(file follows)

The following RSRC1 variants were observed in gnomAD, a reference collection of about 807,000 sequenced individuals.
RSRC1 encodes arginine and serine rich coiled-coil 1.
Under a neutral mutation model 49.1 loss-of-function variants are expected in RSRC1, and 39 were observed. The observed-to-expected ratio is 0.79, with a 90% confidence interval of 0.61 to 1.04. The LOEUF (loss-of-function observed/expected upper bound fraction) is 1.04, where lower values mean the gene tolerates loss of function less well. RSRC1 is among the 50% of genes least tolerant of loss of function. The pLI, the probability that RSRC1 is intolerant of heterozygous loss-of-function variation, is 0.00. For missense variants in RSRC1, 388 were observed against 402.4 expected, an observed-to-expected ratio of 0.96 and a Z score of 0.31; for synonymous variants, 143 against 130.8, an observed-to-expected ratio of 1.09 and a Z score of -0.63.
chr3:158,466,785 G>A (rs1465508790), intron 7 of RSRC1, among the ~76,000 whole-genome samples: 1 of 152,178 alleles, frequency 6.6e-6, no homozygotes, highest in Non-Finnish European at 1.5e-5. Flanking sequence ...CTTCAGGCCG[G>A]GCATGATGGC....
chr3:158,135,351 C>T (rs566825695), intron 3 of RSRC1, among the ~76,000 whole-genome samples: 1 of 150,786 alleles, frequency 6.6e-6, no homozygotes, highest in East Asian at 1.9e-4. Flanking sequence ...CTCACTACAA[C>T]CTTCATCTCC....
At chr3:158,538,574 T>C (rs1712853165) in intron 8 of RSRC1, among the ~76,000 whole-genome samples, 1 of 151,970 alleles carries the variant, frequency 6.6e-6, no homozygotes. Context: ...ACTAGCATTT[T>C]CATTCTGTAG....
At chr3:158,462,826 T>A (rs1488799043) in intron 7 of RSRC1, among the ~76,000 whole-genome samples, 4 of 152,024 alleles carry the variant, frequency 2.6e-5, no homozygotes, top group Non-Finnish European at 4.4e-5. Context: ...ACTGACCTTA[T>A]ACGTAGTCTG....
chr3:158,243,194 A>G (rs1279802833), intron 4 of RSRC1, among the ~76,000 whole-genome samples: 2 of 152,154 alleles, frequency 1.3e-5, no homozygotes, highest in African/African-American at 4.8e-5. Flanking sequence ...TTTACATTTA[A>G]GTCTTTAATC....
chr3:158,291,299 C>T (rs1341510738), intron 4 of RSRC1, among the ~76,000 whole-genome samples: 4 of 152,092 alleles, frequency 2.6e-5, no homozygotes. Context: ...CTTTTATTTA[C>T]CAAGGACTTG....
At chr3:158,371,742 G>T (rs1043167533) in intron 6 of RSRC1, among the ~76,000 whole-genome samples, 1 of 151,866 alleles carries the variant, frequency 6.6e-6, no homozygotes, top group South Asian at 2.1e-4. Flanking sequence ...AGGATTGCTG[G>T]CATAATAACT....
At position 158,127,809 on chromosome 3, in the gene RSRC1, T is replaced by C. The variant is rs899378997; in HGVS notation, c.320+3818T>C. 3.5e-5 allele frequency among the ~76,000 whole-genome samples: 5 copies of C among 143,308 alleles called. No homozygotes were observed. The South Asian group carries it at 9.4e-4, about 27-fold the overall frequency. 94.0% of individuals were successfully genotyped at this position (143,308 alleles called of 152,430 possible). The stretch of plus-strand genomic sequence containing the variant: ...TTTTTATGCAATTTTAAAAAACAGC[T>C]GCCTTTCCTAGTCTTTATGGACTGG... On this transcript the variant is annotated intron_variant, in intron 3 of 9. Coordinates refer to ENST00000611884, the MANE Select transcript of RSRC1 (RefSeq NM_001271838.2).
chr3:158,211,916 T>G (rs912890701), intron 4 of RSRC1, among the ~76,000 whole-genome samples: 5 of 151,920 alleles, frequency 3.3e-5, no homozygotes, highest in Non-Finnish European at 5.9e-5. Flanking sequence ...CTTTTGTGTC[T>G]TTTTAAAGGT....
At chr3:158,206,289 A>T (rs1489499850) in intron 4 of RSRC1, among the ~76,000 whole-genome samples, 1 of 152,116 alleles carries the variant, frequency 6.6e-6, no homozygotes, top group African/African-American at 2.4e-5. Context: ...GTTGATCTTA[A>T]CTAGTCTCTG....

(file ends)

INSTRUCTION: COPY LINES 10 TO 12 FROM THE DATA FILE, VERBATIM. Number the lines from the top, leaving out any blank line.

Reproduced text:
At chr3:158,371,742 G>T (rs1043167533) in intron 6 of RSRC1, among the ~76,000 whole-genome samples, 1 of 151,866 alleles carries the variant, frequency 6.6e-6, no homozygotes, top group South Asian at 2.1e-4. Flanking sequence ...AGGATTGCTG[G>T]CATAATAACT....
At position 158,127,809 on chromosome 3, in the gene RSRC1, T is replaced by C. The variant is rs899378997; in HGVS notation, c.320+3818T>C. 3.5e-5 allele frequency among the ~76,000 whole-genome samples: 5 copies of C among 143,308 alleles called. No homozygotes were observed. The South Asian group carries it at 9.4e-4, about 27-fold the overall frequency. 94.0% of individuals were successfully genotyped at this position (143,308 alleles called of 152,430 possible). The stretch of plus-strand genomic sequence containing the variant: ...TTTTTATGCAATTTTAAAAAACAGC[T>C]GCCTTTCCTAGTCTTTATGGACTGG... On this transcript the variant is annotated intron_variant, in intron 3 of 9. Coordinates refer to ENST00000611884, the MANE Select transcript of RSRC1 (RefSeq NM_001271838.2).
chr3:158,211,916 T>G (rs912890701), intron 4 of RSRC1, among the ~76,000 whole-genome samples: 5 of 151,920 alleles, frequency 3.3e-5, no homozygotes, highest in Non-Finnish European at 5.9e-5. Flanking sequence ...CTTTTGTGTC[T>G]TTTTAAAGGT....